The Catch 22 of 2023 Continued

Tom Brezsny
- Tom Brezsny

The Catch 22 of 2023 Continued

A friend of a friend called the other day to talk about the market, sensing an opportunity to exchange a property he’s owned for a long time into something better, closer to the ocean. Not surprisingly, he assumed that prices on the Coast have taken a big hit since interest rates more than doubled in the last year and that it might be the perfect time to get a steal! 

He was partly right…a rapid rise in rates affects affordability which in turn often shrinks the number of buyers who are either willing or able to buy a house. And it’s not a big leap to assume that if demand drops precipitously, then prices usually fall right along with it. Only that’s not what has happened! 

Welcome to the Catch 22 of 2023! Yes, interest rates have risen and demand has shrunk – by a lot. Through the first 6 months of the year, the # of sales is at an all-time low – almost 30% lower than last year at this time. (2022 went on to record the fewest home sales ever.)  And with the exception of the outlier months of Feb/March 2022, when the market  flipped a switch into hyperdrive, the median price for SFRs is still hovering in record territory ($1.3m), much to the chagrin of would-be investors.

So why the high prices, despite significantly less buyer demand?  Simple – 2023 is also on its  way to setting an all-time low for the fewest new listings – ever!  It seems Sellers are avoiding the market in record numbers (new listings are also down 30%) and the resulting crimp in the supply chain ensures competition for the few good places still coming on.  That competition drives prices!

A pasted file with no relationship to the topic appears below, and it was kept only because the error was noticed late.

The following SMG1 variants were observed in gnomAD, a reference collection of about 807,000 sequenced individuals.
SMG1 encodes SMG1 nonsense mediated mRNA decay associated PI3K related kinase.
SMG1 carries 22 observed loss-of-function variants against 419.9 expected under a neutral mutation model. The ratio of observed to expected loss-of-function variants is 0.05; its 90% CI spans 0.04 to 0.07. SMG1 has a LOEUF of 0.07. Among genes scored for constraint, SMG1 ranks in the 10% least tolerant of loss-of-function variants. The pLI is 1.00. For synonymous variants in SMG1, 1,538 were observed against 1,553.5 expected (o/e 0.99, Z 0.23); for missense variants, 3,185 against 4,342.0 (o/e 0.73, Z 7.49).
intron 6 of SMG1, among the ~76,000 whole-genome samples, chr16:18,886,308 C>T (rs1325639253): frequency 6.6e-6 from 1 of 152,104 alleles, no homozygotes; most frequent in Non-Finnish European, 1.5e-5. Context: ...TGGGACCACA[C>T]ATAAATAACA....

What does the crystal ball say about the 2nd half of 2023? Market forces are at a stand-off right now. Both supply and demand are stuck in low gear, grinding against each other in a self-reinforcing loop. If the market is going to change anytime this year, either demand or supply or both are going to have to find a way to kick into higher gear.  

Last week, we looked at the main factors with the power to increase affordability and juice the number of buyers entering the marketplace: lower interest rates, jobs, stocks/IPOs, remote work trends and tanking prices. And there’s nothing on the horizon to suggest that any kind of buying spree is imminent. What about the supply side of the equation? What’s  going to unlock the “shadow inventory” of pent-up listings that are presumably out there, lying in wait, mysteriously biding their time? 

Next Week:  Looking at the Four D’s (death, divorce, downsizing and distress). Is there any supply out there?

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